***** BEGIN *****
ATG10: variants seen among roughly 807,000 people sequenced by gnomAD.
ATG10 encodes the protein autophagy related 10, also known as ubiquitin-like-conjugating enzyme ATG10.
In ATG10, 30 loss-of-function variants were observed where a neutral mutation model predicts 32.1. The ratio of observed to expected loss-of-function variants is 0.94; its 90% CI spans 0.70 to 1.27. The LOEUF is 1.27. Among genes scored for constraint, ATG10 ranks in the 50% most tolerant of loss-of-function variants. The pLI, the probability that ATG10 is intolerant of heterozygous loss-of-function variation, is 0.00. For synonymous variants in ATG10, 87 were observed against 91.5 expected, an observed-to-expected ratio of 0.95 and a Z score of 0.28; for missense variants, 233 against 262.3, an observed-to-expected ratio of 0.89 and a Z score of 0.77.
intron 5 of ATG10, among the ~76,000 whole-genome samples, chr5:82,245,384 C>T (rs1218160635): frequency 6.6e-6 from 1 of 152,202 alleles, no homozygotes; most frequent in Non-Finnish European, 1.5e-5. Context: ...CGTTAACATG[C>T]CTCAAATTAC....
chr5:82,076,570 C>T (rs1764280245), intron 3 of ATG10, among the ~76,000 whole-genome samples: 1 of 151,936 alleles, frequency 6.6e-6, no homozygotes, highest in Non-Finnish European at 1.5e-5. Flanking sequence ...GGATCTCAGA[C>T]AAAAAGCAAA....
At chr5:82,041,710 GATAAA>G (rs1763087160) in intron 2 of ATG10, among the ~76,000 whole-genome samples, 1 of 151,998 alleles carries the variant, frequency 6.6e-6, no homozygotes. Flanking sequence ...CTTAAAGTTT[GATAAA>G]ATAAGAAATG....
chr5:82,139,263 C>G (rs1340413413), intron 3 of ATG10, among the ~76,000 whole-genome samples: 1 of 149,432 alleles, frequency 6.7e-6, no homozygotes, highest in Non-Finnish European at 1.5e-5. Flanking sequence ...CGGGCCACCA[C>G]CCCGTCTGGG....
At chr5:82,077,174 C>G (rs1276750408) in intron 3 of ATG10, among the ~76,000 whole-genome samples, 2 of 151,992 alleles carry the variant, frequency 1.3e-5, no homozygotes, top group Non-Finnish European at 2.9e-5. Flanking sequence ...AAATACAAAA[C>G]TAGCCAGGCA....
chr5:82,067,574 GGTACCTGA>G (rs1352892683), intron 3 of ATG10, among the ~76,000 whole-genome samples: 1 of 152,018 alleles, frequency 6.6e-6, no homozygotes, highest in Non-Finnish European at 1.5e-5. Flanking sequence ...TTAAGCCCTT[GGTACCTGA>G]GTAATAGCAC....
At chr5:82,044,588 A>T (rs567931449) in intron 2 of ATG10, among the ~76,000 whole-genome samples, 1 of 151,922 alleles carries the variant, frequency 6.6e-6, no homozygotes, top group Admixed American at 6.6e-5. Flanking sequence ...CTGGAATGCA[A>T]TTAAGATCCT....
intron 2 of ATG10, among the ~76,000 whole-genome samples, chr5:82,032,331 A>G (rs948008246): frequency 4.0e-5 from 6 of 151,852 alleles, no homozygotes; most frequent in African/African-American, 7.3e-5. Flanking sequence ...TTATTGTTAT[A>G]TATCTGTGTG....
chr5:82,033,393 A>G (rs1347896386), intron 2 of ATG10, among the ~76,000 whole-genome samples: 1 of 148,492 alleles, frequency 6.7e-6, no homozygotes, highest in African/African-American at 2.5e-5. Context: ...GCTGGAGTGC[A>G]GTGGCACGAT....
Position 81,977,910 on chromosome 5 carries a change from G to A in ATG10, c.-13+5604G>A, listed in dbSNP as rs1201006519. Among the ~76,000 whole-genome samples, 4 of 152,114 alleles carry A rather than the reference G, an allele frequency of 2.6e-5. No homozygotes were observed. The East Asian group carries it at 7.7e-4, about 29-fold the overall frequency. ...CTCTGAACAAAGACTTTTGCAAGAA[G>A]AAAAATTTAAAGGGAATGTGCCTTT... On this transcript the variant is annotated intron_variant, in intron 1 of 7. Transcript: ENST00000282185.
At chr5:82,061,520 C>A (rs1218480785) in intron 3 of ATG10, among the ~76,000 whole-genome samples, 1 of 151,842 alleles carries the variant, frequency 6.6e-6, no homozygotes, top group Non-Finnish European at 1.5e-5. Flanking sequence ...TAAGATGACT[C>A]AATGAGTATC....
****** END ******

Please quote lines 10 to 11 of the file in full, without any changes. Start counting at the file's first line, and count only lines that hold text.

At chr5:82,044,588 A>T (rs567931449) in intron 2 of ATG10, among the ~76,000 whole-genome samples, 1 of 151,922 alleles carries the variant, frequency 6.6e-6, no homozygotes, top group Admixed American at 6.6e-5. Flanking sequence ...CTGGAATGCA[A>T]TTAAGATCCT....
intron 2 of ATG10, among the ~76,000 whole-genome samples, chr5:82,032,331 A>G (rs948008246): frequency 4.0e-5 from 6 of 151,852 alleles, no homozygotes; most frequent in African/African-American, 7.3e-5. Flanking sequence ...TTATTGTTAT[A>G]TATCTGTGTG....